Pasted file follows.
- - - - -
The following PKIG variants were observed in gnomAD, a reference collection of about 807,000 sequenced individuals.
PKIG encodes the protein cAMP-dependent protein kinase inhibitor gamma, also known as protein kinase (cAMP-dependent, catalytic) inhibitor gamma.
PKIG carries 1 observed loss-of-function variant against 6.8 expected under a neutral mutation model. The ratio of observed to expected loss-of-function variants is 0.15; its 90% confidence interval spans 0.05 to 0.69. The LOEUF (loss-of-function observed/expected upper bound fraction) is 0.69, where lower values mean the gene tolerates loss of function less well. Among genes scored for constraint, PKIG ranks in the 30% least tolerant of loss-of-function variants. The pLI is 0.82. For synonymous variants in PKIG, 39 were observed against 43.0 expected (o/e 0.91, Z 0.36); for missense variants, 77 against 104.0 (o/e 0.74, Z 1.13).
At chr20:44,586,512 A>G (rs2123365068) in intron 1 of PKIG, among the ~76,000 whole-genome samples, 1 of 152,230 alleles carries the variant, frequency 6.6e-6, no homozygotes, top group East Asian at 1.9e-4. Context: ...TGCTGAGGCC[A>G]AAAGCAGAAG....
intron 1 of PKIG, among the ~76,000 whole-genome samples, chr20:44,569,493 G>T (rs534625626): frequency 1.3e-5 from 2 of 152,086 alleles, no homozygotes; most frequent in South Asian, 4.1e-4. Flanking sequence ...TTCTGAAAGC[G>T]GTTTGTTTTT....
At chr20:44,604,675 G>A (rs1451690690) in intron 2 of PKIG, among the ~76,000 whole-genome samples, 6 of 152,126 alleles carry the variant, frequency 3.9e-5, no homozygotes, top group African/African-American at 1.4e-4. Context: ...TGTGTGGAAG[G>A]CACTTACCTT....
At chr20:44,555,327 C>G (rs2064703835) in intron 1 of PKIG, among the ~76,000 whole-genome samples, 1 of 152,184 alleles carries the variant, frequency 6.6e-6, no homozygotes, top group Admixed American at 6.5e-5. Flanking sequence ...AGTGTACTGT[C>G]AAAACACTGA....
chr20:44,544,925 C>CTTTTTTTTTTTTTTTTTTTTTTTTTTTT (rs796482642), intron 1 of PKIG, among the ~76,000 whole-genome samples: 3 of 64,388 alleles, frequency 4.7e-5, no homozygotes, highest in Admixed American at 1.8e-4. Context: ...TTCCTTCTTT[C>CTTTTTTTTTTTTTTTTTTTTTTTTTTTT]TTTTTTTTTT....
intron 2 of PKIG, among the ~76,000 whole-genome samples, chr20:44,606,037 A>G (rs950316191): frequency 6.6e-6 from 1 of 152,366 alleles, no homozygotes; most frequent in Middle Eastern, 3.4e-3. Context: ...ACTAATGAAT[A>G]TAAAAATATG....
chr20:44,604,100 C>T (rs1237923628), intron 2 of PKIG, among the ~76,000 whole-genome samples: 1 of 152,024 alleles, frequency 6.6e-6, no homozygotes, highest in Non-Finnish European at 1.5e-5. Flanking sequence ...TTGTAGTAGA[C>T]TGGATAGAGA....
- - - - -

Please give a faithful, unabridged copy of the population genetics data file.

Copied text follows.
The following PKIG variants were observed in gnomAD, a reference collection of about 807,000 sequenced individuals.
PKIG encodes the protein cAMP-dependent protein kinase inhibitor gamma, also known as protein kinase (cAMP-dependent, catalytic) inhibitor gamma.
PKIG carries 1 observed loss-of-function variant against 6.8 expected under a neutral mutation model. The ratio of observed to expected loss-of-function variants is 0.15; its 90% confidence interval spans 0.05 to 0.69. The LOEUF (loss-of-function observed/expected upper bound fraction) is 0.69, where lower values mean the gene tolerates loss of function less well. Among genes scored for constraint, PKIG ranks in the 30% least tolerant of loss-of-function variants. The pLI is 0.82. For synonymous variants in PKIG, 39 were observed against 43.0 expected (o/e 0.91, Z 0.36); for missense variants, 77 against 104.0 (o/e 0.74, Z 1.13).
At chr20:44,586,512 A>G (rs2123365068) in intron 1 of PKIG, among the ~76,000 whole-genome samples, 1 of 152,230 alleles carries the variant, frequency 6.6e-6, no homozygotes, top group East Asian at 1.9e-4. Context: ...TGCTGAGGCC[A>G]AAAGCAGAAG....
intron 1 of PKIG, among the ~76,000 whole-genome samples, chr20:44,569,493 G>T (rs534625626): frequency 1.3e-5 from 2 of 152,086 alleles, no homozygotes; most frequent in South Asian, 4.1e-4. Flanking sequence ...TTCTGAAAGC[G>T]GTTTGTTTTT....
At chr20:44,604,675 G>A (rs1451690690) in intron 2 of PKIG, among the ~76,000 whole-genome samples, 6 of 152,126 alleles carry the variant, frequency 3.9e-5, no homozygotes, top group African/African-American at 1.4e-4. Context: ...TGTGTGGAAG[G>A]CACTTACCTT....
At chr20:44,555,327 C>G (rs2064703835) in intron 1 of PKIG, among the ~76,000 whole-genome samples, 1 of 152,184 alleles carries the variant, frequency 6.6e-6, no homozygotes, top group Admixed American at 6.5e-5. Flanking sequence ...AGTGTACTGT[C>G]AAAACACTGA....
chr20:44,544,925 C>CTTTTTTTTTTTTTTTTTTTTTTTTTTTT (rs796482642), intron 1 of PKIG, among the ~76,000 whole-genome samples: 3 of 64,388 alleles, frequency 4.7e-5, no homozygotes, highest in Admixed American at 1.8e-4. Context: ...TTCCTTCTTT[C>CTTTTTTTTTTTTTTTTTTTTTTTTTTTT]TTTTTTTTTT....
intron 2 of PKIG, among the ~76,000 whole-genome samples, chr20:44,606,037 A>G (rs950316191): frequency 6.6e-6 from 1 of 152,366 alleles, no homozygotes; most frequent in Middle Eastern, 3.4e-3. Context: ...ACTAATGAAT[A>G]TAAAAATATG....
chr20:44,604,100 C>T (rs1237923628), intron 2 of PKIG, among the ~76,000 whole-genome samples: 1 of 152,024 alleles, frequency 6.6e-6, no homozygotes, highest in Non-Finnish European at 1.5e-5. Flanking sequence ...TTGTAGTAGA[C>T]TGGATAGAGA....